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Defending civil liberties, free speech

Labor movement opposes FBI raids

Published Oct 31, 2010 10:53 PM

Among the 115 groups that have taken a stand against the Sept. 24 FBI raids targeting anti-war activists are a growing number of labor unions, federations and organizations. Pointing out that many of those subpoenaed were union activists, the resolutions connect the latest repression to the long history of anti-labor attacks that sought to squash union organizing in the U.S.

The San Francisco Central Labor Council delegates meeting voted unanimously Sept. 27 to condemn the raids. The resolution noted that Joe Iosbaker, a long-time Service Employees Local 73 chief steward at the University of Illinois-Chicago and a well-known leader in the Chicago labor movement, was one of the targets.

Two Teamster locals — 705 in Chicago and 807 in the New York City area — passed resolutions citing Isobaker’s solidarity during a Teamster strike at UIC as well as expressing solidarity with Teamster brother Mick Kelly in Minneapolis, who was also targeted.

At the Oct. 1 convention of American Federation of State, County, Municipal Employees Council 5, which represents 46,000 public employees in Minnesota, a resolution noted that four of the subpoenaed activists are members of Council 5. On Oct. 21, AFSCME Local 3800, which represents University of Minnesota clerical workers, followed suit with a resolution denouncing the attacks on Tracy Molm, Ahn Pham, Jess Sundin and Steff Yorek.

On Oct. 13, Local 1493 of the American Federation of Teachers, which represents the faculty at California’s San Mateo Community College, passed a resolution denouncing the FBI visit to member Masao Suzuki. On Oct. 14, the Duluth Central Labor Body’s resolution condemned the FBI and Department of Justice’s “attempts to intimidate and disrupt grassroots social movements.”

U.S. Labor Against the War, Black Workers for Justice, Labor for Palestine and the South Bay Labor Council in San Jose, Calif., also passed similar resolutions.

Many unionists participated in more than 60 protests around the country in the days immediately following the raids and during the grand jury hearings in early October where those subpoenaed refused to testify. For example, Larry Goldbetter, president of the National Writers Union, United Auto Workers Local 1981, read a statement at a New York City protest linking the raids to what may be in store for workers in a low-wage economy with permanently high unemployment.

Long history of gov’t attacks on labor movement

Many of the resolutions drew a parallel between the current raids and the notorious Palmer Raids of the early 1920s, where outspoken immigrant and labor leaders were deported or expatriated; to the anti-communist McCarthy witch hunt in the 1950s, which drummed many dedicated leaders out of office as well as the union movement; and to the FBI’s well-documented attacks from the 1950s through the 1970s on the Civil Rights and the Black liberation movements.

AFT Local 1493 noted the internment of Japanese Americans from 1942 to 1945 and the fact that Arab Americans and members of the Muslim faith have been framed up since Sept. 11, 2001, under the Patriot Act.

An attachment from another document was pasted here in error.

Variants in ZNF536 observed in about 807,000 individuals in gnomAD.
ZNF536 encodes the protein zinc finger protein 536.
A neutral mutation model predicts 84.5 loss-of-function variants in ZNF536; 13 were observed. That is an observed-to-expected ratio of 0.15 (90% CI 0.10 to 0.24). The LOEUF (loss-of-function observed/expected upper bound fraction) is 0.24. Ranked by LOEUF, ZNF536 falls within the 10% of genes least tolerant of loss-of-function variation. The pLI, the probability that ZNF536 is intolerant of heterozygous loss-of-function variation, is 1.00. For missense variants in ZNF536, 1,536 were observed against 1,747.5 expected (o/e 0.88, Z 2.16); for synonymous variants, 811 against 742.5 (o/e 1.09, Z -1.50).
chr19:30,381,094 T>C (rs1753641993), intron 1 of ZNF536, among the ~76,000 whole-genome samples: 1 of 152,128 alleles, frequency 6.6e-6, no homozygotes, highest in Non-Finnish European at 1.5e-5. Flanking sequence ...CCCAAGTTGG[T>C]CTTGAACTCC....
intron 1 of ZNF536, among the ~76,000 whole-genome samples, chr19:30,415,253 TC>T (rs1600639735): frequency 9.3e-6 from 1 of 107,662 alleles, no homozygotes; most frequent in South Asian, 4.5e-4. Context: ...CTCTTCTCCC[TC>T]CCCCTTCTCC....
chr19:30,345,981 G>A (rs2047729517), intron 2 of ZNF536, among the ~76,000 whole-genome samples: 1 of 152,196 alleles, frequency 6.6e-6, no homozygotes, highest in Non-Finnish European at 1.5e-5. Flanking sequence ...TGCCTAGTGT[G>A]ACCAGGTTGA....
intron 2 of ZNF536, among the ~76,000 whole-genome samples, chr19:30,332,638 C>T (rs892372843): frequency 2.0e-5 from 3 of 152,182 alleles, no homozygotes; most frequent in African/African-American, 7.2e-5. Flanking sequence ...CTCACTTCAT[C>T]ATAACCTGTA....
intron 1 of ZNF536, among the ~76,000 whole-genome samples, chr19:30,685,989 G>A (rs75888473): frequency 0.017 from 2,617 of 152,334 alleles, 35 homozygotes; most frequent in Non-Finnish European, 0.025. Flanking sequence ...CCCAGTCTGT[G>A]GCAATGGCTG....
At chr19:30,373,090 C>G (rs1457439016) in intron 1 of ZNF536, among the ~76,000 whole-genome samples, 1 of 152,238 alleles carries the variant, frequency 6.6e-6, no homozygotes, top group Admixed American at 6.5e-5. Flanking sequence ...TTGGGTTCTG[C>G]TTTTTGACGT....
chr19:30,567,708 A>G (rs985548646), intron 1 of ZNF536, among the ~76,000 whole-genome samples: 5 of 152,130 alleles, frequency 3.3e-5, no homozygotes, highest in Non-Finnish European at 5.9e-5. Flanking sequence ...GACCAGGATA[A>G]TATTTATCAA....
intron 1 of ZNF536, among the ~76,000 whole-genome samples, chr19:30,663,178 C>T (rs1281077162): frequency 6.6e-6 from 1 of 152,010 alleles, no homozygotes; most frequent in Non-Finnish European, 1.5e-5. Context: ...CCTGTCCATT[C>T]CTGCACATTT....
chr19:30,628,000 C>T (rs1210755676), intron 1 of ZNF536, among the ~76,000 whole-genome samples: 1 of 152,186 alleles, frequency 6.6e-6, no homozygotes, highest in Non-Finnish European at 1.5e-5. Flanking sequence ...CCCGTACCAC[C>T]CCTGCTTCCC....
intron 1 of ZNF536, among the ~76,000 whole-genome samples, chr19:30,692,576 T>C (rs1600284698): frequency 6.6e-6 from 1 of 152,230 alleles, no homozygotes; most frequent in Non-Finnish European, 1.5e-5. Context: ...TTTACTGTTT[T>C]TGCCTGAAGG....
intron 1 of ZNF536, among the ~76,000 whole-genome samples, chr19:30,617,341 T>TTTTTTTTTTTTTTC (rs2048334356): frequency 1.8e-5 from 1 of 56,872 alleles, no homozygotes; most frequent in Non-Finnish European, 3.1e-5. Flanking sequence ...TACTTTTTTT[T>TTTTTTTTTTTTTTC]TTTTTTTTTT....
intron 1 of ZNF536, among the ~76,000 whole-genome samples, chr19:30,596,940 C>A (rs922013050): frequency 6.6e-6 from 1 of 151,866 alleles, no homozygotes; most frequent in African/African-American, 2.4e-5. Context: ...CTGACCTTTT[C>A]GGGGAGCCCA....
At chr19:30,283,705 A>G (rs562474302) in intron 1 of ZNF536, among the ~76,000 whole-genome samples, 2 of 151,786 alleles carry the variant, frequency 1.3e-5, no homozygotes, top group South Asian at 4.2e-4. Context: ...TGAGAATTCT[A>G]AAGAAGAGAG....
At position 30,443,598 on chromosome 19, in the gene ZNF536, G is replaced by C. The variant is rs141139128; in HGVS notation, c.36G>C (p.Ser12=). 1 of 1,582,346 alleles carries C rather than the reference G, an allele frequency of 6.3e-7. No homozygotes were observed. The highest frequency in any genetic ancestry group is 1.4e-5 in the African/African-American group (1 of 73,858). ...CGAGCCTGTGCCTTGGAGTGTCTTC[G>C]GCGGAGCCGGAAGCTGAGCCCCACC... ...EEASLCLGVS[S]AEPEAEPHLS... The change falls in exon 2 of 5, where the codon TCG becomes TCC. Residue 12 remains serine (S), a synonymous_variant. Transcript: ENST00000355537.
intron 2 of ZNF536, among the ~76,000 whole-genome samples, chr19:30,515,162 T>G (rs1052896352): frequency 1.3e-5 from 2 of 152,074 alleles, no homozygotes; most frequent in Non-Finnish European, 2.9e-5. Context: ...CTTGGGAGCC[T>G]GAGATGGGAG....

The statement by the Black Workers for Justice reads: “We know full well that these attacks, while starting against anti-war activists, are aimed at all activists that organize and mobilize against the many injustices caused by a system that places profits and domination over human needs.”

An article by Joe Burns cited a number of times over the last century where the labor movement has led the struggle for the rights to free speech and protest needed to win workers’ rights. (www.inthesetimes.com, Oct. 16)

Take the 1909 struggle of the Wobblies (Industrial Workers of the World). After the city of Spokane, Wash., outlawed street-corner rallies, the Wobblies called on its members and supporters to come to town. The law was rescinded when activists outnumbered jails cells.

Many valiant labor struggles affirmed the right to protest during the 1930s. For instance, the 1939 Supreme Court case Hague v. CIO established that parks and streets were public spaces where people could exercise their first amendment rights. The case started when the Congress of Industrial Organizations tried to organize unions in Jersey City, N.J., and the openly corrupt mayor, “Boss” Hague, arrested CIO leafleteers and closed down union meetings.

Government repression is only too familiar when workers strike. Just remember the heroic Transport Workers strike of 2005, when the courts and the city government, backed by the corporate-owned press, demonized the workers in Local 100 for exercising their right to withhold their labor when offered a bad contract.

The only way that workers and all oppressed people are going to survive — and eventually surmount — the “new normal” economy of low-wage capitalism and mass unemployment is by fighting back. Defending workers’ rights to a job at a livable wage and to dissent against government repression is critical in the coming period.

For more information about the struggle to defend the anti-war activists and stop government repression, see www.StopFBI.net.